A Rarely Used Camera Setting That Can Improve Your Landscape Images

Creating a successful landscape photo often takes skills both behind the camera and at the computer, and of course, what you do in the field influences how you handle things once you are ready to process your images. This great video tutorial takes a look at a camera setting many of us never touch and how it can improve your landscape images quickly and easily.  

Coming to you from Mark Denney, this awesome video tutorial shows how changing your camera's aspect ratio can improve your landscape compositions. Most of us simply work with the native aspect ratio of our camera sensor in the field (normally 4:3 or 3:2), but when it comes time to edit our images, we will often crop to something different like 5:7 or 8:10. However, it can be difficult to visualize how different crops will look at the time of taking the shot, but thankfully, most modern cameras will let you cycle through a variety of common aspect ratios. Don't worry, though: if you are shooting in raw, your camera will usually still keep the full-resolution image, so you will still have the flexibility of the entire file back at your computer. It's a useful way to work out your composition and create more precise and intentional images. Check out the video above for the full rundown from Denney.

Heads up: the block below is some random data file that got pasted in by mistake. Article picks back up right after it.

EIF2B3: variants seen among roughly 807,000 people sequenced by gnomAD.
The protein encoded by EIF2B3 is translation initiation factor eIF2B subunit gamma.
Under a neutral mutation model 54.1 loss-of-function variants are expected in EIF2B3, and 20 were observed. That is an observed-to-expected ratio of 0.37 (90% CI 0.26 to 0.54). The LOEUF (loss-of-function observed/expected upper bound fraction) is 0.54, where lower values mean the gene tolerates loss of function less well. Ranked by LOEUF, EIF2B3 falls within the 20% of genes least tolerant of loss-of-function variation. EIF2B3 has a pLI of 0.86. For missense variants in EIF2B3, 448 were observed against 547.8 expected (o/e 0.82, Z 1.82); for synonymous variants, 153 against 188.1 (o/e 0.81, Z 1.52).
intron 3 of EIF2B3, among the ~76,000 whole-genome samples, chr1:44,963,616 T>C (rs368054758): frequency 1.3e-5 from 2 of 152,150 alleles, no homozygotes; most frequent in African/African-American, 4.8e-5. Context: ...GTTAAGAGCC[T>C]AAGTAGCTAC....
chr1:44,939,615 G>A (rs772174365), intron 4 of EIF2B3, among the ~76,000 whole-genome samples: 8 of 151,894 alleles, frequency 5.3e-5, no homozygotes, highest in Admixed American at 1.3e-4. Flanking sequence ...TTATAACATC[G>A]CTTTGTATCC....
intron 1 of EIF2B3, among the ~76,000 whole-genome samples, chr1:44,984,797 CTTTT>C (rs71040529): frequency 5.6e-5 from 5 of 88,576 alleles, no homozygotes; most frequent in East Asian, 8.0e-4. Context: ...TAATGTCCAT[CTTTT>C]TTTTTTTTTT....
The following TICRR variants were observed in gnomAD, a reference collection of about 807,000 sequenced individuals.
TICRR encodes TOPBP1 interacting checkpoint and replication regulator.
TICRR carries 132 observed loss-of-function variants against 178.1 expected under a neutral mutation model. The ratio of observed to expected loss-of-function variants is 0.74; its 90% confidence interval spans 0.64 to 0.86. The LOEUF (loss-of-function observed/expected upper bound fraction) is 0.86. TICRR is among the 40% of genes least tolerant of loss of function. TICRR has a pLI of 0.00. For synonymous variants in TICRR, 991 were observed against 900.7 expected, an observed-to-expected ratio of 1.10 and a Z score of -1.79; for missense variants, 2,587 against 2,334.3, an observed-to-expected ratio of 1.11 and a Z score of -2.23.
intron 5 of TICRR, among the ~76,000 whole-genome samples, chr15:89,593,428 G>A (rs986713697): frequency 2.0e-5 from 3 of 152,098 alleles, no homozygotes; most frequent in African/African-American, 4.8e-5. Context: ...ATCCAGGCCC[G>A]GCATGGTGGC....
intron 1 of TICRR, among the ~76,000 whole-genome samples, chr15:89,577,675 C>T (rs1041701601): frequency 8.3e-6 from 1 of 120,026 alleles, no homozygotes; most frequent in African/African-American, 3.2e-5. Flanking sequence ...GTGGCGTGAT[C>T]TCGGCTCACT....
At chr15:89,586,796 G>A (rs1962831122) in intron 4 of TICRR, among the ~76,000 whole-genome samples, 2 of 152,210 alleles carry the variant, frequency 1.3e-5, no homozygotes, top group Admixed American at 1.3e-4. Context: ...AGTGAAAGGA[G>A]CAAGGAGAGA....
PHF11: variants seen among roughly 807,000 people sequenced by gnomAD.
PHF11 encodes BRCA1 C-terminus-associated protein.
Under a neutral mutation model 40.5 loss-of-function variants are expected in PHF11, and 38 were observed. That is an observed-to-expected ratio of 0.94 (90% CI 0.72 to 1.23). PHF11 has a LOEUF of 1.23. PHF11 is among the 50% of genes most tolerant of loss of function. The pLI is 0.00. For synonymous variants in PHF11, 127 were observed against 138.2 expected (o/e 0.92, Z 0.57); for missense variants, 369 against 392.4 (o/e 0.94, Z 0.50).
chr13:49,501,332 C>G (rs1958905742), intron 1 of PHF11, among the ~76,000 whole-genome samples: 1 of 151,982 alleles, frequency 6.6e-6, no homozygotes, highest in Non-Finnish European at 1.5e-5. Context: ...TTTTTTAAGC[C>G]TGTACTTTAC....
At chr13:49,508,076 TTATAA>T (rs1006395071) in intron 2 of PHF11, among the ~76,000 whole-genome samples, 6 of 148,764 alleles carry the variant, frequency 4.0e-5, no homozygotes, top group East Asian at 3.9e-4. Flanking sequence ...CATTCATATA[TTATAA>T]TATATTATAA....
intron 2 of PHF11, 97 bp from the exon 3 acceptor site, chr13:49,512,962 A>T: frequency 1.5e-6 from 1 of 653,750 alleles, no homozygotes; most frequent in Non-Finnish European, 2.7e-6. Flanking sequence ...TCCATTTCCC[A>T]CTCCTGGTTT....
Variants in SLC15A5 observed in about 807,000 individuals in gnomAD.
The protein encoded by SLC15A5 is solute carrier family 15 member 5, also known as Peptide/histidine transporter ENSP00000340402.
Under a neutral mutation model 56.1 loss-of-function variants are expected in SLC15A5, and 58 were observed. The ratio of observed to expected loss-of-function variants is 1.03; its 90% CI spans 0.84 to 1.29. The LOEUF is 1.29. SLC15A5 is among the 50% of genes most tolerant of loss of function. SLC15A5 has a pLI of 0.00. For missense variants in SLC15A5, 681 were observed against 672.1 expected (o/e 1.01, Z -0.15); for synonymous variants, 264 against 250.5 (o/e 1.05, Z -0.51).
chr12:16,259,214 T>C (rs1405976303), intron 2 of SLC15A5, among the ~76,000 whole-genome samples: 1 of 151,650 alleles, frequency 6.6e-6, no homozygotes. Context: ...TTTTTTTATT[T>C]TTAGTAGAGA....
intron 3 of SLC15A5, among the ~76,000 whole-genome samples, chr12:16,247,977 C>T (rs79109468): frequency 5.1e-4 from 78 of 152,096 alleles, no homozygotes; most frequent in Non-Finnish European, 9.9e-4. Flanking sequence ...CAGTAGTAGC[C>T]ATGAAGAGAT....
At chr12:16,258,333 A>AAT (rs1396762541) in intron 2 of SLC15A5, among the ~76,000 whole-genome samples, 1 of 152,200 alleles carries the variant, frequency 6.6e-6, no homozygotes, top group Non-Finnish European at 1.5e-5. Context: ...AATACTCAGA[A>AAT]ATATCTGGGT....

And if you really want to dive into landscape photography, check out "Photographing The World 1: Landscape Photography and Post-Processing with Elia Locardi." 

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1 Comment
charles hoffman's picture

Use the native aspect of the camera and sensor

You can always change a/r when you crop or form

But changing a/r at shooting takes away what can't be restored